There are, of course, reasons sometimes to practice skills in their complex setting. Some of the reasons are motivational and some reflect the special skills that are unique to the complex situation. The student who wishes to play violin in an orchestra would have a hard time making progress if all practice were attempted in the orchestra context. On the other hand, if the student never practiced as a member of an orchestra, critical skills unique to the orchestra would not be acquired. The same arguments can be made in the sports context, and motivational arguments can also be made for complex practice in both contexts. A child may not see the point of isolated exercises, but will when they are embedded in the real-world task. Children are motivated to practice sports skills because of the prospect of playing in full-scale games. However, they often spend much more time practicing component skills than full-scale games. It seems important both to motivation and to learning to practice one’s skills from time to time in full context, but this is not a reason to make this the principal mechanism of learning.
As a constructionist-oriented learning scientist, I’d go further with the benefits of a motivating context (which is a subset of what they’re calling a “complex setting”). When you “figure it out for yourself,” you have a different relationship to the domain. You learn about process, as well as content, as in learning what it means to be a scientist or how a programmer thinks. When you are engaged in the context, practice is no longer onerous but an important part of developing expertise — still arduous, but with meaning. Yasmin Kafai and Quinn Burke talk about changing students’ relationship with technology. Computer science shouldn’t just be about learning knowledge, but developing a new sense of empowerment with technology.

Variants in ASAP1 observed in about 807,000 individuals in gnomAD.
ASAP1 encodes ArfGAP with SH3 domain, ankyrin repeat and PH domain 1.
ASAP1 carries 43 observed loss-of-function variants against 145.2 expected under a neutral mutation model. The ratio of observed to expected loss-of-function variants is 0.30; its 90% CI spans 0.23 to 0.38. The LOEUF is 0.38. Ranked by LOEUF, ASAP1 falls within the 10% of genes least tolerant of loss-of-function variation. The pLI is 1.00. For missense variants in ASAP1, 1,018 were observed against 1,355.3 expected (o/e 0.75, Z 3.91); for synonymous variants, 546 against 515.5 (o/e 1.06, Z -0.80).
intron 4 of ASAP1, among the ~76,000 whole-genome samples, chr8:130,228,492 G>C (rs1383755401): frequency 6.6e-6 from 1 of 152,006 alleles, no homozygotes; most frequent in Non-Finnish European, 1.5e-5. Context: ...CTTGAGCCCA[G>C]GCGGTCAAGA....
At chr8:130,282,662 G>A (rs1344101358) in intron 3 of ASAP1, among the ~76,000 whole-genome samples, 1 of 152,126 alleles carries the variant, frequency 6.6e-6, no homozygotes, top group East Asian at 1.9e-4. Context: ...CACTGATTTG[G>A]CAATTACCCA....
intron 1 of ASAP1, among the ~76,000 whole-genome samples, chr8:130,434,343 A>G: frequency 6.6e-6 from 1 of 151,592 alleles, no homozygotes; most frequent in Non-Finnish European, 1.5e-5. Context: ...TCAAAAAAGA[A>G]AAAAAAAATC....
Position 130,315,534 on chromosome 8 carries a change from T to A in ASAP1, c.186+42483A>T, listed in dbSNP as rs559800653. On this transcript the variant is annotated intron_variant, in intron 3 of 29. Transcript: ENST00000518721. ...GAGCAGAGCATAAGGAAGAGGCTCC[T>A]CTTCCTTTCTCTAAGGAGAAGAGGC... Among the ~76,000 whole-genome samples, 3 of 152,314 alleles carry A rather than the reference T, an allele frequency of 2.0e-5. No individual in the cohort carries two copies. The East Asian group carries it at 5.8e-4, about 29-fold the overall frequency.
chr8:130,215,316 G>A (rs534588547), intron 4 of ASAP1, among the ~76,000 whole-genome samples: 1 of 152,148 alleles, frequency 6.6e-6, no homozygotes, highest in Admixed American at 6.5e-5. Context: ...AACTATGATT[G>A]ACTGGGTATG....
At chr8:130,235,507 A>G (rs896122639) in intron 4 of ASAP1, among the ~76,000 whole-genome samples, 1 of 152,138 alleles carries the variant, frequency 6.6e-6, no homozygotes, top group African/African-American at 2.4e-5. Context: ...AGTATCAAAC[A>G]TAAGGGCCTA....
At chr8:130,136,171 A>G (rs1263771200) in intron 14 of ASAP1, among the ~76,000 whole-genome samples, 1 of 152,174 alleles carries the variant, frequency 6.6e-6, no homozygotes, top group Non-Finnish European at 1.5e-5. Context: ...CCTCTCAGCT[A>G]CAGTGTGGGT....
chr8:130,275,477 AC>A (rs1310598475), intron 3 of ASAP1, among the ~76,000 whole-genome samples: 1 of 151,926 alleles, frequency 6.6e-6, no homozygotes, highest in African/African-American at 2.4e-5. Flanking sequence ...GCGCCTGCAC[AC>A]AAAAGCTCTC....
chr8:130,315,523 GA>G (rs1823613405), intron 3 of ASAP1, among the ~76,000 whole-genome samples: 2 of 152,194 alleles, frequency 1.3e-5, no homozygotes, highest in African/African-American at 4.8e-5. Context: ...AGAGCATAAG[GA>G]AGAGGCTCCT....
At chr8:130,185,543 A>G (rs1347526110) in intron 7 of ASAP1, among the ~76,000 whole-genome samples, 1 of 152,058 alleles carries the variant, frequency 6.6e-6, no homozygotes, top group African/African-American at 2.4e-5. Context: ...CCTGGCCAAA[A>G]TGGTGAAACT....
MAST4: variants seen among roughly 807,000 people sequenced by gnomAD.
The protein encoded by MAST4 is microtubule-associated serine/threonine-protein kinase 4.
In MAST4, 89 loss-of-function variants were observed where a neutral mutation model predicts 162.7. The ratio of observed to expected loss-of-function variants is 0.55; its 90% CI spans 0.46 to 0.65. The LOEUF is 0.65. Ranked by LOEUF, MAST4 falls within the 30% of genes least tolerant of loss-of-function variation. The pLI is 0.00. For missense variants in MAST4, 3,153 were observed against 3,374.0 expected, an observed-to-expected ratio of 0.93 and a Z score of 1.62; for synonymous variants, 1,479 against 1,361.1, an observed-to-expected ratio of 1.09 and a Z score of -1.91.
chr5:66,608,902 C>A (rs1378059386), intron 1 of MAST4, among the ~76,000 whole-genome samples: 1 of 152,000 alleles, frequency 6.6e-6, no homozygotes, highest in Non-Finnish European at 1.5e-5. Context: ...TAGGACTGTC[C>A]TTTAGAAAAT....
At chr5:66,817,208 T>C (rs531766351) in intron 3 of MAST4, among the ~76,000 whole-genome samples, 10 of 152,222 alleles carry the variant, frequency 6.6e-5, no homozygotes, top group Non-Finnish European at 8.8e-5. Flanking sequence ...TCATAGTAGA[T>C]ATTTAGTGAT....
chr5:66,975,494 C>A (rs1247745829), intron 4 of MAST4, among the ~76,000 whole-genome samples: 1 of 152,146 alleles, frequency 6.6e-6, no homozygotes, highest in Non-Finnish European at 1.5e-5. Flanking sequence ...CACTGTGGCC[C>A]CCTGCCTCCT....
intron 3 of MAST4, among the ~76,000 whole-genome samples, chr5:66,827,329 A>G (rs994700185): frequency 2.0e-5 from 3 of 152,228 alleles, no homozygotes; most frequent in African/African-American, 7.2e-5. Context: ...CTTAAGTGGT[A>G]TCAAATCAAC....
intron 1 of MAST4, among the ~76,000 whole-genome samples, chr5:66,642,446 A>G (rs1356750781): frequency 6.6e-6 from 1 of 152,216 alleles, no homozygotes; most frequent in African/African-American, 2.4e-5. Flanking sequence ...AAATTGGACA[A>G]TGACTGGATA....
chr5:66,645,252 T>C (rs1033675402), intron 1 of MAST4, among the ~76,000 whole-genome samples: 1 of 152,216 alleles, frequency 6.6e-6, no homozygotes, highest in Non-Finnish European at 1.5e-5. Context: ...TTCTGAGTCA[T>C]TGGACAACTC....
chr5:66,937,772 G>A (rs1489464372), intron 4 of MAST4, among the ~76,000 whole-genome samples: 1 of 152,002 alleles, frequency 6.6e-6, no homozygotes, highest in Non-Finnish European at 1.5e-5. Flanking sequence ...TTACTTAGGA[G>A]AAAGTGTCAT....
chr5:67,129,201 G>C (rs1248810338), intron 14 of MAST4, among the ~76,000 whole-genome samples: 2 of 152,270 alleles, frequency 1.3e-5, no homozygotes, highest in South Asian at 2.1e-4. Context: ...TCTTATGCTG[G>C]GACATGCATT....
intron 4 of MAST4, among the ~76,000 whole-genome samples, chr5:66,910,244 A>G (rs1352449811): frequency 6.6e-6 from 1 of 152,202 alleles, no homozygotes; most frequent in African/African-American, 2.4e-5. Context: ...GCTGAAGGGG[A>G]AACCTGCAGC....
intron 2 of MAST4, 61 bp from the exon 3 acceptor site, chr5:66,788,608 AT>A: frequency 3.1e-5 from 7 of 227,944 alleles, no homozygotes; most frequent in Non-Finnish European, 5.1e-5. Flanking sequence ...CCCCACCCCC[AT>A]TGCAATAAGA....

I’ve been wondering about what (I think) is an open research question about cognitivist vs. situationist approaches on lifelong learning. I bet you’re more likely to continue learning in a domain when you are a motivated and engaged learner. An efficiently taught but unmotivated learner is less likely to continue learning in the discipline, I conjecture.